“Mean Girls”…. if you haven’t watched the movie, more than likely you’ve heard of it or at least have a good idea what the plot might reference. For the most part, human behavior follows a predictable pattern. As a child, a person is typically loving and trusting. As a teenager, that same person becomes self-centered and critical of others, almost certainly to the point of mean. Then, usually during college years, a responsible and consistent adult outlook and actions develop. There are those few, however, who are and will remain – MEAN. In the movie, a group of teenage girls band together to form an elite (at least in their eyes) group. They proceed to mock and torture anyone else who does not meet their lofty standards. Predictably, they turn on each other, disband and the process of maturity begins after feelings have been hurt and consequences have been suffered. In real life, the same plot plays out in every middle school and high school across America. Basically, it’s a right of passage that every person participates in, whether they want to or not. Most people outgrow this stage, but there are those few “mean” girls and boys who never manage to grow up. It’s always disheartening when you have to interact with these people. Unfortunately, they live and work among us. It is an unavoidable, unpleasant experience of life.
Recently, I had the disappointing misfortune to cross paths with a few of these malcontents. Human nature takes over during moments like this and propels me to levels of great revenge plotting. Fantasies of lightning bolts flashing from my eyes to zap and torture these “mean” girls run rampant through my mind. Alternately, deep and gaping holes in my heart weigh me down and crush my spirit. At some point, in every person’s life, an experience like this will take you by surprise and will come from someone who should have grown up and from whom you least expect this action. Catty, infantile, mean, hurtful and juvenile are all words that aptly describe these individuals. In the last couple of years, a person who becomes prey to a ‘mean’ girl or boy is actually labeled a victim of bullying. The media has ensured public awareness for this growing problem. Despite this knowledge and labeling, meanness still exists. We live in an imperfect world with imperfect people, so the only thing we can do is to choose to respond with love and kindness. This is completely contrary to my first instinct to plot revenge. In order to repay hatefulness with love, I have to actively choose to die to myself and let Jesus love through me. If I react in anger, which is that first human instinct, then I not only do not reflect Jesus and His love, I also become a victim, because anger is a self-consuming emotion. Anger is an active pursuit. It is not passive, but rather is a driving force of reaction to something perceived as insulting or damaging. As a Christian, I am called to a higher standard. Romans 12:2 says that we are “not to conform to the pattern of this world, but be transformed by the renewing of our minds.” It’s not natural, nor is it easy to react to a negative situation with love. The only way this becomes possible is to have a mind that is focused on Christ.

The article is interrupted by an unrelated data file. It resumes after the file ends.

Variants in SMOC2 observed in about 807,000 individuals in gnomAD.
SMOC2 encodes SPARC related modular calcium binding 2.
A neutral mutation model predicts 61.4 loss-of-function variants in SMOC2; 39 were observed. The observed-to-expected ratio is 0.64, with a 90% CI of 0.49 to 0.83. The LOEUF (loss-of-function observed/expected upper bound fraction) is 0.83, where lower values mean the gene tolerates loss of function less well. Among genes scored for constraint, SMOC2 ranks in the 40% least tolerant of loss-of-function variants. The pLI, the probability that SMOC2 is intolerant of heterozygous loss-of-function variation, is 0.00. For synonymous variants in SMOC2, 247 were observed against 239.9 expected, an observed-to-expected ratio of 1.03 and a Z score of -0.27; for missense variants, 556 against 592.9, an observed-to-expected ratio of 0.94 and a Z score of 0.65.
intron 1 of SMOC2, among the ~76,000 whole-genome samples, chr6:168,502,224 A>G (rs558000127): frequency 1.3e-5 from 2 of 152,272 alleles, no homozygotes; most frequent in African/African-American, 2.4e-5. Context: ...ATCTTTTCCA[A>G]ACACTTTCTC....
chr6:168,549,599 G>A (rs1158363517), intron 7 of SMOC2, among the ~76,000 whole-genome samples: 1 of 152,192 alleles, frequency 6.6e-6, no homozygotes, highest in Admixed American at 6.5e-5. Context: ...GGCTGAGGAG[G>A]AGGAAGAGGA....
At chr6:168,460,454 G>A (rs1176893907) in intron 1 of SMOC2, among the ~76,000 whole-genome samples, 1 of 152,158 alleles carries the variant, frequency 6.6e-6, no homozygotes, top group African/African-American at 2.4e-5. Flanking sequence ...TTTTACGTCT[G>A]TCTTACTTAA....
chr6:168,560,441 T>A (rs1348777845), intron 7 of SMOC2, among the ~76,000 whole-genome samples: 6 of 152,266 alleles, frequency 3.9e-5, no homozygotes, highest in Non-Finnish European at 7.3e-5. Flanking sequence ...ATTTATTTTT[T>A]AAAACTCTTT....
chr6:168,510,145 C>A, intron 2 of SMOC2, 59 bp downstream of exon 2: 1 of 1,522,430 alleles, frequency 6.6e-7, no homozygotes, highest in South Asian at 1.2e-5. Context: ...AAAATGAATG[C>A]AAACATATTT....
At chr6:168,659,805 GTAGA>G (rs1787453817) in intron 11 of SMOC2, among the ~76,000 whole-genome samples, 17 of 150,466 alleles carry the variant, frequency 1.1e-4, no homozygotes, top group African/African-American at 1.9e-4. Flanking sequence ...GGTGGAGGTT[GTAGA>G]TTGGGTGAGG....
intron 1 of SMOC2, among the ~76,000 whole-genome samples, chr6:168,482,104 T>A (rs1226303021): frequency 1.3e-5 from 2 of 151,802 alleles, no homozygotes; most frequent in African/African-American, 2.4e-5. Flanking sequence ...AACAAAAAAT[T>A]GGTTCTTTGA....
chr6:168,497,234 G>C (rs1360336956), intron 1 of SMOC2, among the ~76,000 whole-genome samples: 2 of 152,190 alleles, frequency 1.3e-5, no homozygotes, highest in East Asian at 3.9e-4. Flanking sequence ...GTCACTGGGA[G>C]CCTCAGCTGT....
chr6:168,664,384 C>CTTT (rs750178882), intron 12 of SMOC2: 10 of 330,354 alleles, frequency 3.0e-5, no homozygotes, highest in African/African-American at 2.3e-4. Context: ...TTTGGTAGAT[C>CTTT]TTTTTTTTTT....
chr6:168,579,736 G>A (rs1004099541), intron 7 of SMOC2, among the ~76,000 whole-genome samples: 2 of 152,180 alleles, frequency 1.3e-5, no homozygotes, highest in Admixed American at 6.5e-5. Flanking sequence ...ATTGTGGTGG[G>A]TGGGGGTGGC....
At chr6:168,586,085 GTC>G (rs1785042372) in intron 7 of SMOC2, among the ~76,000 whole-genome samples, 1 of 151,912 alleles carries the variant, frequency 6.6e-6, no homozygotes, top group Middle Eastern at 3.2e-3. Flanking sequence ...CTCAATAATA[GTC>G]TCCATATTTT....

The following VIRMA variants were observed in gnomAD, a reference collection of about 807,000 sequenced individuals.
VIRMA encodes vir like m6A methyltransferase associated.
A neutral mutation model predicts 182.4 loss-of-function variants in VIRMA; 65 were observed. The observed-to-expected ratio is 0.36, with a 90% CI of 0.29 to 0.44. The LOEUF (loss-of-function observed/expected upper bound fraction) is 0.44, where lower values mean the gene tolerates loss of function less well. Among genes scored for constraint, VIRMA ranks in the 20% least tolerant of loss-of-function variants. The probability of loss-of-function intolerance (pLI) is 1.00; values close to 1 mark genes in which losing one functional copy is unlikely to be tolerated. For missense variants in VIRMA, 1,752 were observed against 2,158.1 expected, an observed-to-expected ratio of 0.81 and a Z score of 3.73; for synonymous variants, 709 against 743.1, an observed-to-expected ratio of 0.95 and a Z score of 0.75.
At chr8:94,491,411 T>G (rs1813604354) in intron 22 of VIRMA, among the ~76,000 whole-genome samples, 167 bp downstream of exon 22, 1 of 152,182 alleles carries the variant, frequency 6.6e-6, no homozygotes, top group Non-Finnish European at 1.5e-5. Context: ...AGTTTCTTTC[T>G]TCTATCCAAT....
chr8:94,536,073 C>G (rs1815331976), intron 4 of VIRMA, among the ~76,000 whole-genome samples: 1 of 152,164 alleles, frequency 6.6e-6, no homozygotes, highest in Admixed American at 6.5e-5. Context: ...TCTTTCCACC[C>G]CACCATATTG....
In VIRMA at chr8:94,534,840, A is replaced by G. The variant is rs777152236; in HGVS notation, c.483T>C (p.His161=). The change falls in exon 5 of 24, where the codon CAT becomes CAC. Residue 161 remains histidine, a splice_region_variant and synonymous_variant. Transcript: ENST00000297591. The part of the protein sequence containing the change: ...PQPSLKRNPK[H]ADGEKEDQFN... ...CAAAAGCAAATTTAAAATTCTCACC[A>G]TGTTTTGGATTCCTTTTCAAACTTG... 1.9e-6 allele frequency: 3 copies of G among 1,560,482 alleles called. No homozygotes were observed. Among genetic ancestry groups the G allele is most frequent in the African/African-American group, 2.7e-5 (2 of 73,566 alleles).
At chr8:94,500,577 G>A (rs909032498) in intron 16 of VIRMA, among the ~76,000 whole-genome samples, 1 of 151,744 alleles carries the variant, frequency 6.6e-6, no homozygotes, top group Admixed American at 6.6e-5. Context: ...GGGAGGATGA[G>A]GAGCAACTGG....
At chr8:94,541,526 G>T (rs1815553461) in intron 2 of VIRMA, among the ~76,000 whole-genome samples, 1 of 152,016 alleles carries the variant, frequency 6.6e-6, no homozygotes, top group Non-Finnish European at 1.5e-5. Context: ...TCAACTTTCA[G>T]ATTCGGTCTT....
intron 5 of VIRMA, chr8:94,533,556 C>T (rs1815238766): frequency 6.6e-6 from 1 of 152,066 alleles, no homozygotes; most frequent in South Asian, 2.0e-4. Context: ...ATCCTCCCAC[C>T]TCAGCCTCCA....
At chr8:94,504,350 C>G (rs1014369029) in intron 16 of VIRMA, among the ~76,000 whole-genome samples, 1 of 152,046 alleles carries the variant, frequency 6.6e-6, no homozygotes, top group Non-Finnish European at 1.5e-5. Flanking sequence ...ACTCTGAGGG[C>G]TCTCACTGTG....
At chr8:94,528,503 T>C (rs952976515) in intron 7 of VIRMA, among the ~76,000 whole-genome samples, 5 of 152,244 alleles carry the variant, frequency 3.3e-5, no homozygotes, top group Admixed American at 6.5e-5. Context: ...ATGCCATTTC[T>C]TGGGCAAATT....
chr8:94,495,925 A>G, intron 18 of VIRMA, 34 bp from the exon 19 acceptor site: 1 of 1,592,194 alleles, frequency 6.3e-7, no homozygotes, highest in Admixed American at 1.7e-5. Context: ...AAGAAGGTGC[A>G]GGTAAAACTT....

Think for a moment about Jesus’ three years of ministry on earth. We have only been given a small glimpse into the activity that took place during these 1095 days. Over 60% of our known history of Jesus’ actions is based on His healing of other’s hearts and bodies. The last verse of John says that if all that Jesus did was to be written down, he supposed that there would not be enough books in the world to hold all His activity. This tells me that Jesus loved and He loved a lot. It’s one thing to say you love someone, but actions are the proof. Angry people don’t usually help those to whom their anger is directed. Conversely, someone filled with love is guaranteed to help all. In the same way that anger is an active emotion, so is love. If we are to be like Jesus, then we are to love with our mouths and our actions.
Matthew 5:43-44 ~ 43 “You have heard that it was said, ‘Love your neighbors and hate your enemy.’ 44 But I tell you, love your enemies and pray for those who persecute you,”
Mark 12:33 ~ “To love Him with all your heart, with all your understanding and with all your strength, and to love your neighbor as yourself is more important than all burnt offerings and sacrifices.”
These are the verses that I am focusing on to ingrain the spirit of love in my heart (the renewing of my mind) in hopes that my first reaction to meanness will become love. I am not quite there, and I am not sure that I will ever get to that level of Christianity, but I strive towards that goal. I can hear the Apostle Paul cheering me as I run the race, pressing toward that mark. The finish line is still in the distance where Jesus sits with crowns and trophies and is ready to say, “Well done, My good and faithful servant.”. I want to be found faithful on that day. Lord, please help me to love as You have loved me!